May 12, 2004
(TORONTO) -- After serving as head coach for Canada's first Olympic gold in men's hockey in 50 years at Salt Lake City in 2002, Pat Quinn has been asked to be head coach of Team Canada 2004 at the World Cup of Hockey. In fact, Canadian Hockey Association president Bob Nicholson opted for the same management group that earned success at the '02 Olympics -- executive director Wayne Gretzky, assistant executive director Kevin Lowe, director of player personnel Steve Tambellini, head coach Quinn along with associate coaches Ken Hitchcock, Jacques Martin and Wayne Fleming.
The World Cup of Hockey 2004 is a joint effort of the National Hockey League Players' Association (NHLPA) and the National Hockey League (NHL), in cooperation with the International Ice Hockey Federation (IIHF).
The eight nations are divided into the North American pool (Canada, Russia, Slovakia and USA) along with the European Pool (Czech Republic, Finland, Germany and Sweden).
The tournament begins on August 30 and ends September 14. The North American Pool will play its games at three venues: Bell Centre in Montreal, Xcel Energy Center in St. Paul, Minnesota and Air Canada Centre.
The World Cup of Hockey 2004 opens with round-robin play within the four-team European and North American pools August 30 to September 5.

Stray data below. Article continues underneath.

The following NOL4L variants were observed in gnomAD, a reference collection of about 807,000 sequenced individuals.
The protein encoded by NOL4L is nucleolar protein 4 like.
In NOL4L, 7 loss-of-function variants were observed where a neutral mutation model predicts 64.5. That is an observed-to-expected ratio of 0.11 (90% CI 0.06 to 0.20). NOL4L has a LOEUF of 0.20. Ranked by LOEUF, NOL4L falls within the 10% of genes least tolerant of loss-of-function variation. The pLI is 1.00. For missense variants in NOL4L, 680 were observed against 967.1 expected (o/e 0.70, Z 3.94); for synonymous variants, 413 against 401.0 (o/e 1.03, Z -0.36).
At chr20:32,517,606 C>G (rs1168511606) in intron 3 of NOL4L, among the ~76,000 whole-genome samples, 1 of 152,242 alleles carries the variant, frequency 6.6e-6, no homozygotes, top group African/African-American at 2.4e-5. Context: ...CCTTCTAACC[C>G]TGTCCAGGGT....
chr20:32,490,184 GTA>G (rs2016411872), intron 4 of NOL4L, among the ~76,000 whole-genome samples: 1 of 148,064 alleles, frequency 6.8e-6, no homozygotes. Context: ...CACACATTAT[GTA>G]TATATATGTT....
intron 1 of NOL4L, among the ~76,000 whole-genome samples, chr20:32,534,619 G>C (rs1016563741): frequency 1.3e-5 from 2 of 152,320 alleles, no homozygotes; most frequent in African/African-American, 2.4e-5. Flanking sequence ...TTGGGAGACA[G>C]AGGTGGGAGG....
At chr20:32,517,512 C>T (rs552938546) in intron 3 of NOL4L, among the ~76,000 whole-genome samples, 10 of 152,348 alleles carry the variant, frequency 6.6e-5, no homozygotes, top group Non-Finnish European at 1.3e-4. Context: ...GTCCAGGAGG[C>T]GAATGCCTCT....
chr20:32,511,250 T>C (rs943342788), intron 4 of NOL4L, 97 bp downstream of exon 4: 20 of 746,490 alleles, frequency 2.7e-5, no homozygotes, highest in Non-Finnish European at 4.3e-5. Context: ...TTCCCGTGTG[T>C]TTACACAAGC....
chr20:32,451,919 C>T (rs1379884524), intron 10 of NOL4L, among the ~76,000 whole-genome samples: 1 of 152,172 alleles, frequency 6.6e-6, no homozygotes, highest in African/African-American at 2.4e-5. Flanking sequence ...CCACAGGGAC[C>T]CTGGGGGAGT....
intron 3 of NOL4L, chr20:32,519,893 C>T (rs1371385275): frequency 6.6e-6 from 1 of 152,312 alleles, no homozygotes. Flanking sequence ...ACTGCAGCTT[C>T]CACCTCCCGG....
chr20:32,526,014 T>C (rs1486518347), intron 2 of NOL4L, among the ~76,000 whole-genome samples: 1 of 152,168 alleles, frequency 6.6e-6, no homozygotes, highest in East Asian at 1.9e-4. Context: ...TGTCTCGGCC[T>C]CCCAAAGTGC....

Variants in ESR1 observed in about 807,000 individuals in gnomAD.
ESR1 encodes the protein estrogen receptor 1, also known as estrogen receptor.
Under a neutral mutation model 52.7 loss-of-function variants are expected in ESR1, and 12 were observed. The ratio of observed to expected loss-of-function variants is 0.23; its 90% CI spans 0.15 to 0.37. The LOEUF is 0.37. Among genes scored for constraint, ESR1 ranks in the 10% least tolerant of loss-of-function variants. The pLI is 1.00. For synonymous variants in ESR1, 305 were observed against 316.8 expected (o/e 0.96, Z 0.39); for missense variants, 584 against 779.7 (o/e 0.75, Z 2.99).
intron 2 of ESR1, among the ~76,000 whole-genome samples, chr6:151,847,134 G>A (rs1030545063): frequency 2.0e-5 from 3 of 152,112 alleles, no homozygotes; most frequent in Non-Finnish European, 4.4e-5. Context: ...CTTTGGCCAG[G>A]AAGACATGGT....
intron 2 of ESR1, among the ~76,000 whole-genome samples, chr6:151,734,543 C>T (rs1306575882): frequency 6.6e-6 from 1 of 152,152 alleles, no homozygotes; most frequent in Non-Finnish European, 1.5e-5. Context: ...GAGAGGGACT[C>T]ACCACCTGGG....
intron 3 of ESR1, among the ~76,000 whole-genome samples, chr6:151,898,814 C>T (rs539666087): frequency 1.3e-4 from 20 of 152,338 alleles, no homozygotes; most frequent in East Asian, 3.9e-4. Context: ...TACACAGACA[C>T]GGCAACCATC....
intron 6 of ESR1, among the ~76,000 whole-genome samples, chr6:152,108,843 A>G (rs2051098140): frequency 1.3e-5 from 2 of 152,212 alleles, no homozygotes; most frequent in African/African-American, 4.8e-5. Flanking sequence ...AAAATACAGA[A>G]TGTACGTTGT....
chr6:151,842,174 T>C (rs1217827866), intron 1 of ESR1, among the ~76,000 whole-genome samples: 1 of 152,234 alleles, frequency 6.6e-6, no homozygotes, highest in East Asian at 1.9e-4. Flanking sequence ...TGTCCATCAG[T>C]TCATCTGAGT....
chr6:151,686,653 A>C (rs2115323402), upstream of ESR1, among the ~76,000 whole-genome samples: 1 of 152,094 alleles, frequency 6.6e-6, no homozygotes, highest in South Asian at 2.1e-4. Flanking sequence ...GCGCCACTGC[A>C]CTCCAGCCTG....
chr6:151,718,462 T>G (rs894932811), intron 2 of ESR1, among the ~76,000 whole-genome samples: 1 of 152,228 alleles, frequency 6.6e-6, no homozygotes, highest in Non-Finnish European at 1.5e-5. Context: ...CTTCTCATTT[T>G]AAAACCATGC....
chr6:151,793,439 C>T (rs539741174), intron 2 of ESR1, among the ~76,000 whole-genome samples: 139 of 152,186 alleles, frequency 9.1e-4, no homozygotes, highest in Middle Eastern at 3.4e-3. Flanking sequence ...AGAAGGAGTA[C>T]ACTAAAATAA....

All teams will qualify for the single-elimination playoff games, beginning with the quarterfinals, September 6 to 8 (two games each in Europe and North America). Semifinal games will be played in St. Paul on September 10 and Toronto on September 11. The championship game will be played September 14 at Air Canada Centre.
In total, Toronto hosts a five-game package. On Saturday, September 4 -- 32 years to the day of the classic Game 2 of the Canada-Soviet showdown at Maple Leaf Gardens -- Canada meets Russia at Air Canada Centre. The following day at Air Canada Centre, Russia plays Slovakia with the slate then to include quarterfinal (September 8), semifinal (September 11) and championship (September 14) games. Limited seats for the Toronto games are still available and further information can be obtained online at www.ticketmaster.ca or by phone at 416-872-5000.
The European Pool games will be played at Hartwall Arena in Helsinki, Finland, Globe Arena in Stockholm, Sweden, Cologne Arena in Cologne, Germany and Sazka Arena in Prague, Czech Republic.
Mats Sundin, who was selected to the all-star teams for the Canada Cup in 1991 and the World Cup in 1996 as well as the Olympics in 2002, is expected to lead Sweden. Brian Leetch, who captained the USA to the World Cup title in 1996 and was part of his country's silver medal team at the Salt Lake City Olympics, is another Leaf who could figure prominently at this year's World Cup.
But they, along with any other prospective Leafs, are in the same category as Quinn for the time being as playoff fever grips Toronto
Still representing one's country is always special. Quinn, for example, calls it "terrific" to be asked back as head coach for Canada.
"When they decided that they'd use the same group of guys I was really excited and certainly proud to get asked again and we'll start out with the same goal: We're going there to win," says Quinn.